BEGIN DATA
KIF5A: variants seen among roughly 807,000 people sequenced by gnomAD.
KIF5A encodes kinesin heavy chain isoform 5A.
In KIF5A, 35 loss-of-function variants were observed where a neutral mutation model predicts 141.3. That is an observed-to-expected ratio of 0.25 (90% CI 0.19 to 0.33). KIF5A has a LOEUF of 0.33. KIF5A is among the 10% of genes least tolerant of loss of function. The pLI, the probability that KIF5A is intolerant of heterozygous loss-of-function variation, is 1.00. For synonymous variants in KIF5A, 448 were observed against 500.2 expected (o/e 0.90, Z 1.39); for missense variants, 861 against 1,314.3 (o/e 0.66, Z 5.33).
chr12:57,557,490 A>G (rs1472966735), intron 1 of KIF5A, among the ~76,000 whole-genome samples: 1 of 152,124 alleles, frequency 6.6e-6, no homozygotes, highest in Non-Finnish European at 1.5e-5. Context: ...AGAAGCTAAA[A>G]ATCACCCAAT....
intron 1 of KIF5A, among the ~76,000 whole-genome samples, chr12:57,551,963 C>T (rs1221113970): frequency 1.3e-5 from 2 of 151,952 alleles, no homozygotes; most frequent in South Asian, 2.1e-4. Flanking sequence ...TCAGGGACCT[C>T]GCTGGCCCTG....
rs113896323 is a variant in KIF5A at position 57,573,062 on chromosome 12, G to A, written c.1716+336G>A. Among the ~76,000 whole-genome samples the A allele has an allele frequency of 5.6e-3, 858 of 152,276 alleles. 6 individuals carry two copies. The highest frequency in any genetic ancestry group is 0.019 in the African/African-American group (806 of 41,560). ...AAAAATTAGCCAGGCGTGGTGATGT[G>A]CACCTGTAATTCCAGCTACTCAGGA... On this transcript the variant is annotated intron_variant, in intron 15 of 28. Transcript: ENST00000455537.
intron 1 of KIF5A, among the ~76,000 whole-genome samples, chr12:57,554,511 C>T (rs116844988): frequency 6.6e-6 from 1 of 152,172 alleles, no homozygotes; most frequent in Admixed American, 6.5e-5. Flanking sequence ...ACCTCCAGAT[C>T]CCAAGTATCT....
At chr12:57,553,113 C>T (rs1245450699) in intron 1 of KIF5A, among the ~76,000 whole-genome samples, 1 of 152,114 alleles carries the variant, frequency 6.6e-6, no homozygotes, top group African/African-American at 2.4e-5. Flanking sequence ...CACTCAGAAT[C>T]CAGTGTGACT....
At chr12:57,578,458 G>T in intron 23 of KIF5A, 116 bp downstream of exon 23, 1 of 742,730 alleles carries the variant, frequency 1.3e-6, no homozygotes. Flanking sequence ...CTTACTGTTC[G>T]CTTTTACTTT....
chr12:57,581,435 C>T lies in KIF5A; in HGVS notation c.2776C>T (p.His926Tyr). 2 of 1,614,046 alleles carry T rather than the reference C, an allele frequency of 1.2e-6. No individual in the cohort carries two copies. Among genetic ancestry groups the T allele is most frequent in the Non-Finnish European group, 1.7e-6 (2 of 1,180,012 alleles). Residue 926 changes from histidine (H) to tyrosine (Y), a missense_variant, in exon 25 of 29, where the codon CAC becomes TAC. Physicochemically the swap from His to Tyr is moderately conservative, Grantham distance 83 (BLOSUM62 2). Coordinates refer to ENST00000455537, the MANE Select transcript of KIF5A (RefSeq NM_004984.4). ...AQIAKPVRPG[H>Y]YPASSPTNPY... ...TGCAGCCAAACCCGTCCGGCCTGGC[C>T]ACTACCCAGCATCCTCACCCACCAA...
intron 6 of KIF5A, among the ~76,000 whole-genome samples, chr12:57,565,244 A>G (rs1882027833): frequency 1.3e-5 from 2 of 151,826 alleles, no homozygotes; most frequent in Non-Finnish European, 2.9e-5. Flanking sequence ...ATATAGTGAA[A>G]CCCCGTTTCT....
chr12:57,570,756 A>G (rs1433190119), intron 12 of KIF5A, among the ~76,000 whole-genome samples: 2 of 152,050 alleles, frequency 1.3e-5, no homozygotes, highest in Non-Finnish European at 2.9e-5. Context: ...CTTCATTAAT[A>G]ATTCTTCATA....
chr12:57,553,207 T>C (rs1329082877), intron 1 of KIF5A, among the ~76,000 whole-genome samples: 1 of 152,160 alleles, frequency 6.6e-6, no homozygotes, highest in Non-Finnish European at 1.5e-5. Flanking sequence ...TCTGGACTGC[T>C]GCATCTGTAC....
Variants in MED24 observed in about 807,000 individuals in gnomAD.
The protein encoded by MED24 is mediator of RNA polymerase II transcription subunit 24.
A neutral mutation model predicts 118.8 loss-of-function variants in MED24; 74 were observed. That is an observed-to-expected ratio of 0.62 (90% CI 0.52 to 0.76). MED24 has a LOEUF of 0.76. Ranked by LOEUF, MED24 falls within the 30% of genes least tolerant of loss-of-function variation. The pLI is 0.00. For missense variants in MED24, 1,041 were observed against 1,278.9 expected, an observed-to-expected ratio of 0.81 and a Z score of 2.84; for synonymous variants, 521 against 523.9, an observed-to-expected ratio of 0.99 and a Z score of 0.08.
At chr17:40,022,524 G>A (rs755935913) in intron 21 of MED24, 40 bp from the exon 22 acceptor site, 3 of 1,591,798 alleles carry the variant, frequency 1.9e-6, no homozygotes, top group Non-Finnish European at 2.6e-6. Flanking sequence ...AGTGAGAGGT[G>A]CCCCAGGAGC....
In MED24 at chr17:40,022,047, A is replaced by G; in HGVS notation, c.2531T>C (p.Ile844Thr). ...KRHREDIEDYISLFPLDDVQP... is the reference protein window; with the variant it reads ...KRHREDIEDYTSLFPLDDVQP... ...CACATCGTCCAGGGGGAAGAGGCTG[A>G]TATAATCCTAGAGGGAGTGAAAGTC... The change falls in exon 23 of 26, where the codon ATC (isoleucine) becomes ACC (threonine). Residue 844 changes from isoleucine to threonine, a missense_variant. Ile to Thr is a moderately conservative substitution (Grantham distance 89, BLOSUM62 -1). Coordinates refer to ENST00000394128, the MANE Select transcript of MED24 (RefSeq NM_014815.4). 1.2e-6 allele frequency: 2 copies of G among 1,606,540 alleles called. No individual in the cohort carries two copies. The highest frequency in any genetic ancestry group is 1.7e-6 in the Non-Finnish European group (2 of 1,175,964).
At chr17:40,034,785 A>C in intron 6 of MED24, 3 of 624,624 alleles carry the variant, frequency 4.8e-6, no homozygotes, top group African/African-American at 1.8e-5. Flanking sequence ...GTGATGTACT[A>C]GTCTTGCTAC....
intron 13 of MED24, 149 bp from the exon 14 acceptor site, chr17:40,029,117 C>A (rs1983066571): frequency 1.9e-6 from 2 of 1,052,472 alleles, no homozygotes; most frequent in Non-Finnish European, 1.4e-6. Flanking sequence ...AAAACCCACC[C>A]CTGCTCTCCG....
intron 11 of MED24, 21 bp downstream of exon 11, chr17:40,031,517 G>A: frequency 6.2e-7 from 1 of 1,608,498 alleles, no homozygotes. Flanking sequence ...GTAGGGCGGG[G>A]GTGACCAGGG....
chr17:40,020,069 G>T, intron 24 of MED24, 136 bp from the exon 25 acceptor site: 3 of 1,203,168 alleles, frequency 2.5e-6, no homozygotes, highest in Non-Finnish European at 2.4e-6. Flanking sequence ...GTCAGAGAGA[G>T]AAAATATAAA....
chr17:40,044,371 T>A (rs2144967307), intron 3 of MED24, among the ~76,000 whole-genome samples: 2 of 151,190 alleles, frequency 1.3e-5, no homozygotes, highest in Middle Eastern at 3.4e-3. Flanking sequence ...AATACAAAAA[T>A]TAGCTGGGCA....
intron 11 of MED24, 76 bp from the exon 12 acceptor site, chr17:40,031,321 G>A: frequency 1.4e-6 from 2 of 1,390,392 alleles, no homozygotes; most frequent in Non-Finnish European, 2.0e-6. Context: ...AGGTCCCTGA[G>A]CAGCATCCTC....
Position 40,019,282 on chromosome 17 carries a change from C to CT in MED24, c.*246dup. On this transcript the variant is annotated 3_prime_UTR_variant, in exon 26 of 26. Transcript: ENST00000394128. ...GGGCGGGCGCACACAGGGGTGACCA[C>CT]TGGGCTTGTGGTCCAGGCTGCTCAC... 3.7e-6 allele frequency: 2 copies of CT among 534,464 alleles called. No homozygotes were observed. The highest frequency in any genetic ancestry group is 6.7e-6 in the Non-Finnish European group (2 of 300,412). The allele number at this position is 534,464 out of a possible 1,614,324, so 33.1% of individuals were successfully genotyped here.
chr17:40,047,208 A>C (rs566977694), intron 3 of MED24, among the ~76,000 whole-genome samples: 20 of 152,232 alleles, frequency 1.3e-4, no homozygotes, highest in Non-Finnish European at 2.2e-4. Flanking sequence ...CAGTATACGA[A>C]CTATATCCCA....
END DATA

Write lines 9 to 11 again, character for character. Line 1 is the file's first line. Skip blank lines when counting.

At chr12:57,578,458 G>T in intron 23 of KIF5A, 116 bp downstream of exon 23, 1 of 742,730 alleles carries the variant, frequency 1.3e-6, no homozygotes. Flanking sequence ...CTTACTGTTC[G>T]CTTTTACTTT....
chr12:57,581,435 C>T lies in KIF5A; in HGVS notation c.2776C>T (p.His926Tyr). 2 of 1,614,046 alleles carry T rather than the reference C, an allele frequency of 1.2e-6. No individual in the cohort carries two copies. Among genetic ancestry groups the T allele is most frequent in the Non-Finnish European group, 1.7e-6 (2 of 1,180,012 alleles). Residue 926 changes from histidine (H) to tyrosine (Y), a missense_variant, in exon 25 of 29, where the codon CAC becomes TAC. Physicochemically the swap from His to Tyr is moderately conservative, Grantham distance 83 (BLOSUM62 2). Coordinates refer to ENST00000455537, the MANE Select transcript of KIF5A (RefSeq NM_004984.4). ...AQIAKPVRPG[H>Y]YPASSPTNPY... ...TGCAGCCAAACCCGTCCGGCCTGGC[C>T]ACTACCCAGCATCCTCACCCACCAA...
intron 6 of KIF5A, among the ~76,000 whole-genome samples, chr12:57,565,244 A>G (rs1882027833): frequency 1.3e-5 from 2 of 151,826 alleles, no homozygotes; most frequent in Non-Finnish European, 2.9e-5. Flanking sequence ...ATATAGTGAA[A>G]CCCCGTTTCT....